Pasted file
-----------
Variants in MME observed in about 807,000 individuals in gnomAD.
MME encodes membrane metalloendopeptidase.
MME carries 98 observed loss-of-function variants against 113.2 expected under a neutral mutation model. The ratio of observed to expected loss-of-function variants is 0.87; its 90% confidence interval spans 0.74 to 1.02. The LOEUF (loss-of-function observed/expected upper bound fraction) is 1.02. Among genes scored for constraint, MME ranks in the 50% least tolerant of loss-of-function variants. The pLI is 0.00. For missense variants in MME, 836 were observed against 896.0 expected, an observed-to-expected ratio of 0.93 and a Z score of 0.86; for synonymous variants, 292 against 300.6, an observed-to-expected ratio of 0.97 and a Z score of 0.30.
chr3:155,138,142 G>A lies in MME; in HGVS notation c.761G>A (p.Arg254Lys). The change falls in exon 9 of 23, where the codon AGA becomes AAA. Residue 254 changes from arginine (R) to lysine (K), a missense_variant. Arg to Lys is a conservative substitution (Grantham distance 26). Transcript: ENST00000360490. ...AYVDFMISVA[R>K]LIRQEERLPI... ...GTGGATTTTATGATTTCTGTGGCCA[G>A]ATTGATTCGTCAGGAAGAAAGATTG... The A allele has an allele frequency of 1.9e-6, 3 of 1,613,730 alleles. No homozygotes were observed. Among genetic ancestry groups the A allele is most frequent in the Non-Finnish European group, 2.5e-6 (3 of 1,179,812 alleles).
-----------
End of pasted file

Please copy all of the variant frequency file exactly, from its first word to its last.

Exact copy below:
Variants in MME observed in about 807,000 individuals in gnomAD.
MME encodes membrane metalloendopeptidase.
MME carries 98 observed loss-of-function variants against 113.2 expected under a neutral mutation model. The ratio of observed to expected loss-of-function variants is 0.87; its 90% confidence interval spans 0.74 to 1.02. The LOEUF (loss-of-function observed/expected upper bound fraction) is 1.02. Among genes scored for constraint, MME ranks in the 50% least tolerant of loss-of-function variants. The pLI is 0.00. For missense variants in MME, 836 were observed against 896.0 expected, an observed-to-expected ratio of 0.93 and a Z score of 0.86; for synonymous variants, 292 against 300.6, an observed-to-expected ratio of 0.97 and a Z score of 0.30.
chr3:155,138,142 G>A lies in MME; in HGVS notation c.761G>A (p.Arg254Lys). The change falls in exon 9 of 23, where the codon AGA becomes AAA. Residue 254 changes from arginine (R) to lysine (K), a missense_variant. Arg to Lys is a conservative substitution (Grantham distance 26). Transcript: ENST00000360490. ...AYVDFMISVA[R>K]LIRQEERLPI... ...GTGGATTTTATGATTTCTGTGGCCA[G>A]ATTGATTCGTCAGGAAGAAAGATTG... The A allele has an allele frequency of 1.9e-6, 3 of 1,613,730 alleles. No homozygotes were observed. Among genetic ancestry groups the A allele is most frequent in the Non-Finnish European group, 2.5e-6 (3 of 1,179,812 alleles).